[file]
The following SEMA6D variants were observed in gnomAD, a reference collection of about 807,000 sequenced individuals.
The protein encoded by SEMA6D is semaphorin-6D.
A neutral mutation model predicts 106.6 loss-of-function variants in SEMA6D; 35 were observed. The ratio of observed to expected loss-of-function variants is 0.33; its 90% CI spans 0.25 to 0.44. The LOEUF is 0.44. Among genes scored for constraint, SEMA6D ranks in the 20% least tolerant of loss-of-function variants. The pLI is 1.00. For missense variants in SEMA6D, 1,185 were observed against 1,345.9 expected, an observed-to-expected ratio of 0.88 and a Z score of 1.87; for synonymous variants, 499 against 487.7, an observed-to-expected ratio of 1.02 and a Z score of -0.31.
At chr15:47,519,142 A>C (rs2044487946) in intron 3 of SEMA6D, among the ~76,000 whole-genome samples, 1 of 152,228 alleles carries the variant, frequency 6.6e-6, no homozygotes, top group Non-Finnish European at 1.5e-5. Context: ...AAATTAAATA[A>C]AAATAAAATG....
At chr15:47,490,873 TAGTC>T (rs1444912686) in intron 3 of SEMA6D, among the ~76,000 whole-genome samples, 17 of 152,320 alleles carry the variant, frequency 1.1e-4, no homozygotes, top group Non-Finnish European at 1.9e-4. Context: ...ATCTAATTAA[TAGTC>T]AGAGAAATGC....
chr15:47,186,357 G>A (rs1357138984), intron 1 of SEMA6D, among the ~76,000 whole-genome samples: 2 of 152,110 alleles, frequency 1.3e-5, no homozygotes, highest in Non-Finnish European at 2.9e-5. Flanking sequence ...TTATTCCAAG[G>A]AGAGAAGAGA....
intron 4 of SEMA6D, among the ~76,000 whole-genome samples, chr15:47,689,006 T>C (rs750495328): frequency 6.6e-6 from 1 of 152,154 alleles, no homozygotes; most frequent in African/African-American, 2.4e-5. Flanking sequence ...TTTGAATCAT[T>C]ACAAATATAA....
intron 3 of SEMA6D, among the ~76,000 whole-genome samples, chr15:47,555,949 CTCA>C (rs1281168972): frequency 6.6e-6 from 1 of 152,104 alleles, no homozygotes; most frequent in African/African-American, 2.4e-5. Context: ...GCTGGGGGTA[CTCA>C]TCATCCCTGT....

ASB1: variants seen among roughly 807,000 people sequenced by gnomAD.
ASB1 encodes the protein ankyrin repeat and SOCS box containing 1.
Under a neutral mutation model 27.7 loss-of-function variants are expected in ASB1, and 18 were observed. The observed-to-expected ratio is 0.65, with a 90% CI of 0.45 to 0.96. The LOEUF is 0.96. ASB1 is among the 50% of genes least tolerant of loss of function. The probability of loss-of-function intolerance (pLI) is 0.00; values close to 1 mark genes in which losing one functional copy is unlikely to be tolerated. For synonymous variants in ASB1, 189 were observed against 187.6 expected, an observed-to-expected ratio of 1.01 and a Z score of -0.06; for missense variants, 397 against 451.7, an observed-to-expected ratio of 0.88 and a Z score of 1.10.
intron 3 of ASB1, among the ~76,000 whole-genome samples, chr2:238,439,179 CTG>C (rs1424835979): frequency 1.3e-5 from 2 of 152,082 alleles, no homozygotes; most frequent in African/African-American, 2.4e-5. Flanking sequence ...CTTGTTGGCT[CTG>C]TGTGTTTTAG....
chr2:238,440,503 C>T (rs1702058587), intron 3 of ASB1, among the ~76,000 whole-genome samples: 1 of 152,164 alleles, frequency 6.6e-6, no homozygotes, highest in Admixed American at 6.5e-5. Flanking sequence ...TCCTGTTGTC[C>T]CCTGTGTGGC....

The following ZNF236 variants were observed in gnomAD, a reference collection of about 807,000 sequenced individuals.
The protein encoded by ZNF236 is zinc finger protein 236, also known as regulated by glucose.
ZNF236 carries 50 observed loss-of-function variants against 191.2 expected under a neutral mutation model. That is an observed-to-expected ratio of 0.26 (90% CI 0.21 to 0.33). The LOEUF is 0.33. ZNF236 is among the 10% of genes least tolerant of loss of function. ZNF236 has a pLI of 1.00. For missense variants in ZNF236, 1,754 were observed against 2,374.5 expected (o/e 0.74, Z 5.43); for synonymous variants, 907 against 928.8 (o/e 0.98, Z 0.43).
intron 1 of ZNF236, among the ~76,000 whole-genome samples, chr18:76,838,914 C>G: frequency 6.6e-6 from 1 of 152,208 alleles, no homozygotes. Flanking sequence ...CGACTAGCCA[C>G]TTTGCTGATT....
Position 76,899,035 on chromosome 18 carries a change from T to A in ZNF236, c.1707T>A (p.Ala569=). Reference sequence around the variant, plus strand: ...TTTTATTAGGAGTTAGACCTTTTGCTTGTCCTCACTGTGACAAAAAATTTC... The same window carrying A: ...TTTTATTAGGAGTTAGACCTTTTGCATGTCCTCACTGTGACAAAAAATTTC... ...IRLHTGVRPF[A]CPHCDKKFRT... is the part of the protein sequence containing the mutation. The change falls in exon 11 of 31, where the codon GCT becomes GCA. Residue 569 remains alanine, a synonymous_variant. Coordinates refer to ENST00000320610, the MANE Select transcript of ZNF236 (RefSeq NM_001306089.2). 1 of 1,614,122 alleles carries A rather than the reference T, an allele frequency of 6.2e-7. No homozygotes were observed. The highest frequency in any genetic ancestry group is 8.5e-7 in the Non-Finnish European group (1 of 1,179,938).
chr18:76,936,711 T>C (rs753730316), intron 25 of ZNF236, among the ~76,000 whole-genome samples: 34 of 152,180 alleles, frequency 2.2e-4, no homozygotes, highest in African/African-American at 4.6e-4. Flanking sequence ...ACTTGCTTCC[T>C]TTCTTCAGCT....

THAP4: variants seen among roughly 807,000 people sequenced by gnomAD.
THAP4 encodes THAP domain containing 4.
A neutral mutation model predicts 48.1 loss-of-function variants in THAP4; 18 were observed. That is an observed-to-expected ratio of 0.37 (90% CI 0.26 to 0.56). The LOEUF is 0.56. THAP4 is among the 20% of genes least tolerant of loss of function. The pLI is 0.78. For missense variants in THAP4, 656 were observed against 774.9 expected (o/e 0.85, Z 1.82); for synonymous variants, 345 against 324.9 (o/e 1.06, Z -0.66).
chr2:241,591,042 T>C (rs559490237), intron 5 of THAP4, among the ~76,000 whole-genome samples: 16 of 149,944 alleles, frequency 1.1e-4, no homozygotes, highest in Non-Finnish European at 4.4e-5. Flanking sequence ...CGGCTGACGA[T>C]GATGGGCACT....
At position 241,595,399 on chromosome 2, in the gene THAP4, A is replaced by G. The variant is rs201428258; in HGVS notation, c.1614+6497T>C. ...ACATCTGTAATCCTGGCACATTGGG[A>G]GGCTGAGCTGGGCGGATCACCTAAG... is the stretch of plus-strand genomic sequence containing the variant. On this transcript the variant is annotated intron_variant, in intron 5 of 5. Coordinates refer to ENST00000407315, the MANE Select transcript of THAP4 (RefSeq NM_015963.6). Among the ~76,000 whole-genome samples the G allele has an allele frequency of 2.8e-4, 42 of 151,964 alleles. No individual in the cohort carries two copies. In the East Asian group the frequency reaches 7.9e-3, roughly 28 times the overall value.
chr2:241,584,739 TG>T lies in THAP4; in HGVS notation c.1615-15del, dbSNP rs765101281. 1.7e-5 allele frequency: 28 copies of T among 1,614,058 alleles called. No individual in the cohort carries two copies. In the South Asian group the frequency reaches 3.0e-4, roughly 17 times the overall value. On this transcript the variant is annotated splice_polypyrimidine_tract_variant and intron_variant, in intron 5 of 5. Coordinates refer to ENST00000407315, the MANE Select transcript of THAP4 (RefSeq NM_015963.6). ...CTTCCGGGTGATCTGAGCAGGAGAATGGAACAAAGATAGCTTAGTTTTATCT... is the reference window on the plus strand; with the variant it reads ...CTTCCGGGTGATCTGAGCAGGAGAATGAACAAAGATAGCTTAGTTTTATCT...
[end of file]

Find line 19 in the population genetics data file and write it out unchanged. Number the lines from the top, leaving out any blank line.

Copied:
chr18:76,936,711 T>C (rs753730316), intron 25 of ZNF236, among the ~76,000 whole-genome samples: 34 of 152,180 alleles, frequency 2.2e-4, no homozygotes, highest in African/African-American at 4.6e-4. Flanking sequence ...ACTTGCTTCC[T>C]TTCTTCAGCT....